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The rocks and hard places of MAiD: a qualitative study of nursing practice in the context of legislated assisted death



Medical Assistance in Dying (MAiD) was legalized in Canada in June, 2016. The Canadian government’s decision to legislate assisted dying, an approach that requires a high degree of obligation, precision, and delegation, has resulted in unique challenges for health care and for nursing practice. The purpose of this study was to better understand the implications of a legislated approach to assisted death for nurses’ experiences and nursing practice.


The study used a qualitative approach guided by Interpretive Description. Semi-structured interviews were conducted with 59 registered nurses and nurse practitioners. Interviews were audio-recorded, transcribed, and managed using qualitative analysis software. Analysis followed a procedure of data immersion, open coding, constant comparative analysis, and the construction of a thematic and interpretive account.


Nurses in this study described great variability in how MAiD had been enacted in their work context and the practice supports available to guide their practice. The development of systems to support MAiD, or lack thereof, was largely driven by persons in influential leadership positions. Workplaces that supported a range of nurses’ moral responses to MAiD were most effective in supporting nurses’ well-being during this impactful change in practice. Participants cited the importance of teamwork in providing high quality MAiD-related care; although, many worked without the benefit of a team. Nursing work related to MAiD was highly complex, largely because of the need for patient-centered care in systems that were not always organized to support such care. In the absence of adequate practice supports, some nurses were choosing to limit their involvement in MAiD.


Data obtained in this study suggested that some workplace contexts still lack the necessary supports for nurses to confidently meet the precision required of a legislated approach to MAiD. Without accessible palliative care, sufficient providers, a supportive team, practice supports, and a context that allowed nurses to have a range of responses to MAiD, nurses felt they were legally and morally at risk. Nurses seeking to provide the compassionate care consistent with such a momentous moment in patients’ lives, without suitable supports, find themselves caught between the proverbial rock and hard place.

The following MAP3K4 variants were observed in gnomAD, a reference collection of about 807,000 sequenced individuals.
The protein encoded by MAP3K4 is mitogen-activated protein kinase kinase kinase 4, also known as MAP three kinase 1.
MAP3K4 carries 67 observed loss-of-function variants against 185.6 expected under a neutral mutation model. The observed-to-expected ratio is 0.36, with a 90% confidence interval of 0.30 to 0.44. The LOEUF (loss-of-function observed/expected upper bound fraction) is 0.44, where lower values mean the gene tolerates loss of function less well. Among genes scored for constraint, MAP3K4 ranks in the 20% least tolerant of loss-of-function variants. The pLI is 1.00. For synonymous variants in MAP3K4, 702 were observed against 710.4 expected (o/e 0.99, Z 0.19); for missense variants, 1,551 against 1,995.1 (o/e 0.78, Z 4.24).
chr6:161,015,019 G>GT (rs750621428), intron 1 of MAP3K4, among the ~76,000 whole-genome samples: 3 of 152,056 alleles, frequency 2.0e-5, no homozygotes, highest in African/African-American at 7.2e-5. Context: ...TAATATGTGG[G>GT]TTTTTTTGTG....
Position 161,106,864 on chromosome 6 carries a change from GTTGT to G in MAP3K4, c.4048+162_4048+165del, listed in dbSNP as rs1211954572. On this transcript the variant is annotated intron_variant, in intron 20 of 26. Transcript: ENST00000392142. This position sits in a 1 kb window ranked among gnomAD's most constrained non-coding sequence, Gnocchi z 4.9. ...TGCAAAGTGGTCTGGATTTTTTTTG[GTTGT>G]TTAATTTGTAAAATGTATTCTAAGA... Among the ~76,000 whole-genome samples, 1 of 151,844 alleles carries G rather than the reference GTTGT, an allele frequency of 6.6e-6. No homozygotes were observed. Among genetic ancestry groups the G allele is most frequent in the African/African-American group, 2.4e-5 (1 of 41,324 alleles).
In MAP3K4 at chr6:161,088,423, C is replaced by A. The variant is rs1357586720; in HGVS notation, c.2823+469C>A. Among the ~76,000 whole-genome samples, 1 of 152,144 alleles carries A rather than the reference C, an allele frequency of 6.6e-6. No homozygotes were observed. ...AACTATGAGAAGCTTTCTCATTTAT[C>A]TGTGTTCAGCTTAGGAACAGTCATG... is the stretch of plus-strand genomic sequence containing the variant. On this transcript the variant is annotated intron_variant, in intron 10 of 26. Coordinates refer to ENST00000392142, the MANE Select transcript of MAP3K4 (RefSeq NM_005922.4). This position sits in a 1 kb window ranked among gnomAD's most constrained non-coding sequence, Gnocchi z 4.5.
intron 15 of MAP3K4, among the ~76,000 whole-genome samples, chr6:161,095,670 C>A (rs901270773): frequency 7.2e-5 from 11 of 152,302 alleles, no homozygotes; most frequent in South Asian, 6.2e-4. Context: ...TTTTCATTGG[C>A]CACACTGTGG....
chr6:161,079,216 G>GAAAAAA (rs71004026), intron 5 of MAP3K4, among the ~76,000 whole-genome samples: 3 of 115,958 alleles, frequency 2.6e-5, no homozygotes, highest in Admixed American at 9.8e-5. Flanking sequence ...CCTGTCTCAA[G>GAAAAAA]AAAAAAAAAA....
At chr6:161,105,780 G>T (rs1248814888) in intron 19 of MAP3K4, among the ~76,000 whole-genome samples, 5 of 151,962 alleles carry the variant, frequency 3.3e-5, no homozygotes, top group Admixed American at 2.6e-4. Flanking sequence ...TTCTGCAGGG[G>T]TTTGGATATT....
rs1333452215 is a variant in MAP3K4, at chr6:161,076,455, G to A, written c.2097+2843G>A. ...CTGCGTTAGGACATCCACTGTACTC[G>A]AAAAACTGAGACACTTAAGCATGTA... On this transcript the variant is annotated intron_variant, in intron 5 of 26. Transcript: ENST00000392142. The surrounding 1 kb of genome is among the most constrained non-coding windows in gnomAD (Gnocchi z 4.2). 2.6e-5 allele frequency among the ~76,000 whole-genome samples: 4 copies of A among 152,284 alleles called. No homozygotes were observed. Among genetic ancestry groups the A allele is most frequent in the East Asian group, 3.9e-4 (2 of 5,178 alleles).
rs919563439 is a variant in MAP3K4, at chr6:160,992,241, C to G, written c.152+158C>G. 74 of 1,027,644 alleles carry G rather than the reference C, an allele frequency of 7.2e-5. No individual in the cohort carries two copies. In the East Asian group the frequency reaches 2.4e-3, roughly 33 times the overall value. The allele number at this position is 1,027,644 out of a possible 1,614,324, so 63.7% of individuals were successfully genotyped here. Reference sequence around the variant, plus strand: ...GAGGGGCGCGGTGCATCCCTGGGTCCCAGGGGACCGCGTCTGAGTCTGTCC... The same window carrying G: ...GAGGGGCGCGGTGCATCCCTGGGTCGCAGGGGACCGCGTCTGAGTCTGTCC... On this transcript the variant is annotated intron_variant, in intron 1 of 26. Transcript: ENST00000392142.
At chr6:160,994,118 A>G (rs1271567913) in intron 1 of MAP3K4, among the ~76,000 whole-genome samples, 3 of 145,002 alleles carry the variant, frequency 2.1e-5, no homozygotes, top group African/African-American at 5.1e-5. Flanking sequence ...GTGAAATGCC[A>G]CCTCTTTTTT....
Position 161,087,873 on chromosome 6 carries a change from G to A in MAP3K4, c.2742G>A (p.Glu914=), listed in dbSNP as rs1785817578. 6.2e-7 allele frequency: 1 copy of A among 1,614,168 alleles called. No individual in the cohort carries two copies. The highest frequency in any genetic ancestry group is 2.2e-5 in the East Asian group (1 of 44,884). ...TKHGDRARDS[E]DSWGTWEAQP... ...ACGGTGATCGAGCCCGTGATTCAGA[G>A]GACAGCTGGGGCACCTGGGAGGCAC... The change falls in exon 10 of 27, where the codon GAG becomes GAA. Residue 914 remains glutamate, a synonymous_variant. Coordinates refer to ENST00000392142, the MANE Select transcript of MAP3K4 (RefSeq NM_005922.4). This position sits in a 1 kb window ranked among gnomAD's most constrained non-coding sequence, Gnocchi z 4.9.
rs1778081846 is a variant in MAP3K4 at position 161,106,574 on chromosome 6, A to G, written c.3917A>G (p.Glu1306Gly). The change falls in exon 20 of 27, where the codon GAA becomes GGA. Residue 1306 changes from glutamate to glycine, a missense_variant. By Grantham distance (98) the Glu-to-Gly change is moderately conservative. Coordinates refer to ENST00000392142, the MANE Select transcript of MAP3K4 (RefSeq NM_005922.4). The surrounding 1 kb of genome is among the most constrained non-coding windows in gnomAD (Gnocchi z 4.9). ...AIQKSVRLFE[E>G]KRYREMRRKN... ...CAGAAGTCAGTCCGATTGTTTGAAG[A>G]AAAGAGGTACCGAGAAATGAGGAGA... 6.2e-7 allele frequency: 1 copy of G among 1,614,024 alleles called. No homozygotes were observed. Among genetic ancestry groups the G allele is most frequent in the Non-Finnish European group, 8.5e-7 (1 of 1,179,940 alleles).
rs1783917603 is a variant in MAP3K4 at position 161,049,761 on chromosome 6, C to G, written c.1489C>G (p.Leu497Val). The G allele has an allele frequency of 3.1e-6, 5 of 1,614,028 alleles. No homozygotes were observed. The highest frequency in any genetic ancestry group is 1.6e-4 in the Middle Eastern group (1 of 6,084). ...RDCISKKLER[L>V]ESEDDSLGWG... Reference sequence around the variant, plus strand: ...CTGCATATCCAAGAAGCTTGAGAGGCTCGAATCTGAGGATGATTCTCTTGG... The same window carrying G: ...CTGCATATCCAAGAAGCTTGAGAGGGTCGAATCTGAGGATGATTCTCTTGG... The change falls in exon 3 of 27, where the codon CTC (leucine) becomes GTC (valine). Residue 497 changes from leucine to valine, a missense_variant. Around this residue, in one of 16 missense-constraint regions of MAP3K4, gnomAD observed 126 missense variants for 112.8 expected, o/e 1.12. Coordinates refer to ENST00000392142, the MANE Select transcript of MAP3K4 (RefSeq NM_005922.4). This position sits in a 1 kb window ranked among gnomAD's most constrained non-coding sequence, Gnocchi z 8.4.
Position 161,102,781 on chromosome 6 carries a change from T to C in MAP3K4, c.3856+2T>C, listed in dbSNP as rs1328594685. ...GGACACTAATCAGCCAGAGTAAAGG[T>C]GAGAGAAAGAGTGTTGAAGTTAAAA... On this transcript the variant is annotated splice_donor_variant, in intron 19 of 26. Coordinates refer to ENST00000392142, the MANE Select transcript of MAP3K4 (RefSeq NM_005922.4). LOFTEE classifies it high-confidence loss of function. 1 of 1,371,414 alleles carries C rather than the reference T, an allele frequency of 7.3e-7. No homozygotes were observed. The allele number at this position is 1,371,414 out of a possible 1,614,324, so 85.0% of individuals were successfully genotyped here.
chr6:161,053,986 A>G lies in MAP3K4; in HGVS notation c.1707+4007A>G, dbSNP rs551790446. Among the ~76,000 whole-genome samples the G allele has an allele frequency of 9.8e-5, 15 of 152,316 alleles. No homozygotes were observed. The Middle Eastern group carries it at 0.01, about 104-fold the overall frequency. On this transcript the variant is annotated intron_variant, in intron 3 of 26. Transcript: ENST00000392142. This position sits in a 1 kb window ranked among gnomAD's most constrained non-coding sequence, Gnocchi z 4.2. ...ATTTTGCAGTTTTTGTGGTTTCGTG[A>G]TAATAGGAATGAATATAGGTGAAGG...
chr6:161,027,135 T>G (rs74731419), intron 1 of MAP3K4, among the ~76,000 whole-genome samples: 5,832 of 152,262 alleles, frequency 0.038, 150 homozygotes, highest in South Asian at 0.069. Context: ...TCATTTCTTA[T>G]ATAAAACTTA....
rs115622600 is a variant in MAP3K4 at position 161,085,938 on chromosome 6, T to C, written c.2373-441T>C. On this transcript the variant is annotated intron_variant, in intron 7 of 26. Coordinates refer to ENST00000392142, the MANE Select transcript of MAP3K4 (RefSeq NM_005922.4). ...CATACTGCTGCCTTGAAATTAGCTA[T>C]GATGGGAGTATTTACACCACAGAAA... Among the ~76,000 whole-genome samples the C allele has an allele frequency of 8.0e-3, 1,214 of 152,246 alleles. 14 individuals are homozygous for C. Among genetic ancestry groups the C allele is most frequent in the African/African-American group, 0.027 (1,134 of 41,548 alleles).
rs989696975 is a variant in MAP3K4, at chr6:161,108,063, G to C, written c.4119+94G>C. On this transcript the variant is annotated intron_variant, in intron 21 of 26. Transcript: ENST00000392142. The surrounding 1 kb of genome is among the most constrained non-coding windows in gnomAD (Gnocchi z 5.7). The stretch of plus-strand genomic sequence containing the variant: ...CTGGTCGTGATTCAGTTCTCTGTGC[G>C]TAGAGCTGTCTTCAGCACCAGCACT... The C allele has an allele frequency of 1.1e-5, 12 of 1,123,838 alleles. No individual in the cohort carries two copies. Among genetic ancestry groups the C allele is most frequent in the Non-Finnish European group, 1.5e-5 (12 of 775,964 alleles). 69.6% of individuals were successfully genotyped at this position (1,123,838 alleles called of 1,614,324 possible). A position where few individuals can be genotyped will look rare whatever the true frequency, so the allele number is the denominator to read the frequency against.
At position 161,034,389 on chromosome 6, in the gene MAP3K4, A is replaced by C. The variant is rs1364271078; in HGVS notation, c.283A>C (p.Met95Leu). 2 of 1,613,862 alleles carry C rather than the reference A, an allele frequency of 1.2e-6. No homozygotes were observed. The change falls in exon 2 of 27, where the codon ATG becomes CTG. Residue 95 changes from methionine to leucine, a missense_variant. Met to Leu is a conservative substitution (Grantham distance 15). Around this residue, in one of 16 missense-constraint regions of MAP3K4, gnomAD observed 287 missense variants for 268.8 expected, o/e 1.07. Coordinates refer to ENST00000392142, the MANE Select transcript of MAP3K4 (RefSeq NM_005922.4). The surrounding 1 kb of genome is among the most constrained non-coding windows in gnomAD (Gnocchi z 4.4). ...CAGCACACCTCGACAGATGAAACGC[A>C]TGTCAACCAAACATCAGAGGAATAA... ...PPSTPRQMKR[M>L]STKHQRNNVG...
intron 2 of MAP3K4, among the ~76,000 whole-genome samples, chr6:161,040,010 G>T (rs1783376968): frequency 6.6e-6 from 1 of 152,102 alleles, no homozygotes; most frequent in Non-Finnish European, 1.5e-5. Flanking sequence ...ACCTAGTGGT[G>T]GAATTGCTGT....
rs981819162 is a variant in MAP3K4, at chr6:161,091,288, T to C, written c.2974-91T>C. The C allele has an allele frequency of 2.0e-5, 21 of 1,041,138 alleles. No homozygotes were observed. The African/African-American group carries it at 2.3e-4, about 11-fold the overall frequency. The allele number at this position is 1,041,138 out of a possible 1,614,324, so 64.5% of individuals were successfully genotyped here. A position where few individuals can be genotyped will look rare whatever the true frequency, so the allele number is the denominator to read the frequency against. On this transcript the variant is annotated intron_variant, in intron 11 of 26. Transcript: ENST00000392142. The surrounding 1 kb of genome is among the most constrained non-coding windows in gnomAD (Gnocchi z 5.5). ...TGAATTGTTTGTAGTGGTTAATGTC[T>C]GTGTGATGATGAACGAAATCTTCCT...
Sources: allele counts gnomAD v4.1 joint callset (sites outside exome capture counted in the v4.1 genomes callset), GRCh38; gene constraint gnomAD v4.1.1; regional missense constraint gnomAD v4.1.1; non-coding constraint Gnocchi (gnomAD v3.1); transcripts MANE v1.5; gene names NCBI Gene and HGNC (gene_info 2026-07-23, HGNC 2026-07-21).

Peer Review reports


All forms of assisted suicide were illegal in Canada until February 2015 when the Supreme Court of Canada (SSC) released its landmark decision Carter v Canada (Attorney General) (“Carter”) [1]. In its ruling, the SCC struck down the Criminal Code’s prohibition on assisted suicide for competent adults in certain clinical circumstances, on the basis that such a prohibition unjustifiably violated the Canadian Charter of Rights and Freedoms (“Charter”).

The SCC’s ruling gave the federal government time to craft a legislative framework to regulate assisted dying. In June 2016, medical assistance in dying (MAiD) was legalized in An Act to amend the Criminal Code and to make related amendments to other Acts (medical assistance in dying), a statute still colloquially known as Bill C-14 [2]. The government had crafted a new concept, MAiD, within this legislation rather than continue to use an existing term, such as “physician assisted suicide” or “physician assisted dying”. This new terminology represented a recognition that a team of healthcare providers, not only physicians, is typically required to implement such a complex procedure [3]. In Bill C-14, MAiD is defined as: a) the administration by a medical practitioner or nurse practitioner of a substance to a person, at their request, that causes their death; or b) the prescribing or providing by a medical practitioner or nurse practitioner of a substance to a person, at their request, so that they may self-administer the substance and in doing so cause their own death Only 6 of the 6749 medically assisted deaths recorded in Canada between December 10, 2015 and October 31, 2018 were self-administered [4].